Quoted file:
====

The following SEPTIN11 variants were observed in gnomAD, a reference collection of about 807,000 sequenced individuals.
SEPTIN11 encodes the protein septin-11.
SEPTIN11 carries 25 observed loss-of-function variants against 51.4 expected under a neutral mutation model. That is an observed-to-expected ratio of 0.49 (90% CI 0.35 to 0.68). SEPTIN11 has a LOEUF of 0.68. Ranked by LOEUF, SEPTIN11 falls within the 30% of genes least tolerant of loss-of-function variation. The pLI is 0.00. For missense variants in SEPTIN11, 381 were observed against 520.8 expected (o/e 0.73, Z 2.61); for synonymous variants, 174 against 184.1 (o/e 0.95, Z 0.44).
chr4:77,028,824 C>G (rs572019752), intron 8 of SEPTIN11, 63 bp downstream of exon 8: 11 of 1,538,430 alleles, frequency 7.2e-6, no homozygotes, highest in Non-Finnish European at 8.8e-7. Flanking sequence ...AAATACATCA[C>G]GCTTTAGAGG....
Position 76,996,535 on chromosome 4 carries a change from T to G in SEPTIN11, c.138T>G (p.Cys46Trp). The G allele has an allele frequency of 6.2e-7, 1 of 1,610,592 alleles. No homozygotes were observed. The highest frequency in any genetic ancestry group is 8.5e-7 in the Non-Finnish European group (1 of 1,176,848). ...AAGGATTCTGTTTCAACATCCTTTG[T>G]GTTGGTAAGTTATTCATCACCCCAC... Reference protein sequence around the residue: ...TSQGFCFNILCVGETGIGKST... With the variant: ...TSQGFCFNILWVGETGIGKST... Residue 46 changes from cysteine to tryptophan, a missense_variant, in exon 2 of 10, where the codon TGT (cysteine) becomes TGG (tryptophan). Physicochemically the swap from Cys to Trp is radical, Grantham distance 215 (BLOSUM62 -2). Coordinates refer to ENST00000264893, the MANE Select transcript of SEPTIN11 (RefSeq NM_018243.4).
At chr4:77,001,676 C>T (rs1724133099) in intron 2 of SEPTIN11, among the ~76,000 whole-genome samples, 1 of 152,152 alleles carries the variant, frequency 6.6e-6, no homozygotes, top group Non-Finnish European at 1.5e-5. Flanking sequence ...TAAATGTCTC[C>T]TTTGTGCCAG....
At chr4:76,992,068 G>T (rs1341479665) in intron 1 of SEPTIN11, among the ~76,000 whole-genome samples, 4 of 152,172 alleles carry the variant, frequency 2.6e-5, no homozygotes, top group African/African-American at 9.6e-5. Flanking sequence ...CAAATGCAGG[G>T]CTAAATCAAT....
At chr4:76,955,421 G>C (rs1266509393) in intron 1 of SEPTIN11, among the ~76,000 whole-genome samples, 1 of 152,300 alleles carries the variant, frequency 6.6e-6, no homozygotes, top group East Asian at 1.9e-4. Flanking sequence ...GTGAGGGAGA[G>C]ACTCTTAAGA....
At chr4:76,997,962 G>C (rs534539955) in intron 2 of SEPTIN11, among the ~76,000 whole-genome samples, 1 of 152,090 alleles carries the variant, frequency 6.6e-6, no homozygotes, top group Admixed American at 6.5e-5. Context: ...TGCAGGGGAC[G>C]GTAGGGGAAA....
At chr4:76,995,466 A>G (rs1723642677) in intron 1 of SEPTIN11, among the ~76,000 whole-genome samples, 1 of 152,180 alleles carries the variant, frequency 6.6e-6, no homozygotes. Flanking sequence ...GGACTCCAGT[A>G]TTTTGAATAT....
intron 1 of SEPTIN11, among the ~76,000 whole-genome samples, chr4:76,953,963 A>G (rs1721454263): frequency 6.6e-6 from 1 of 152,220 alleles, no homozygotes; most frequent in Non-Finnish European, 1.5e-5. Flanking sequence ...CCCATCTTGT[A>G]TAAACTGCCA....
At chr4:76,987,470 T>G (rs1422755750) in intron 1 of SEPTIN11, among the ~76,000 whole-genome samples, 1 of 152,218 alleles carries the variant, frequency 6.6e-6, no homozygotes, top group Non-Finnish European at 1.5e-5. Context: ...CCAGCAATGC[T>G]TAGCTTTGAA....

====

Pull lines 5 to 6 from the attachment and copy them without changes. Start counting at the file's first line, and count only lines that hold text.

Position 76,996,535 on chromosome 4 carries a change from T to G in SEPTIN11, c.138T>G (p.Cys46Trp). The G allele has an allele frequency of 6.2e-7, 1 of 1,610,592 alleles. No homozygotes were observed. The highest frequency in any genetic ancestry group is 8.5e-7 in the Non-Finnish European group (1 of 1,176,848). ...AAGGATTCTGTTTCAACATCCTTTG[T>G]GTTGGTAAGTTATTCATCACCCCAC... Reference protein sequence around the residue: ...TSQGFCFNILCVGETGIGKST... With the variant: ...TSQGFCFNILWVGETGIGKST... Residue 46 changes from cysteine to tryptophan, a missense_variant, in exon 2 of 10, where the codon TGT (cysteine) becomes TGG (tryptophan). Physicochemically the swap from Cys to Trp is radical, Grantham distance 215 (BLOSUM62 -2). Coordinates refer to ENST00000264893, the MANE Select transcript of SEPTIN11 (RefSeq NM_018243.4).
At chr4:77,001,676 C>T (rs1724133099) in intron 2 of SEPTIN11, among the ~76,000 whole-genome samples, 1 of 152,152 alleles carries the variant, frequency 6.6e-6, no homozygotes, top group Non-Finnish European at 1.5e-5. Flanking sequence ...TAAATGTCTC[C>T]TTTGTGCCAG....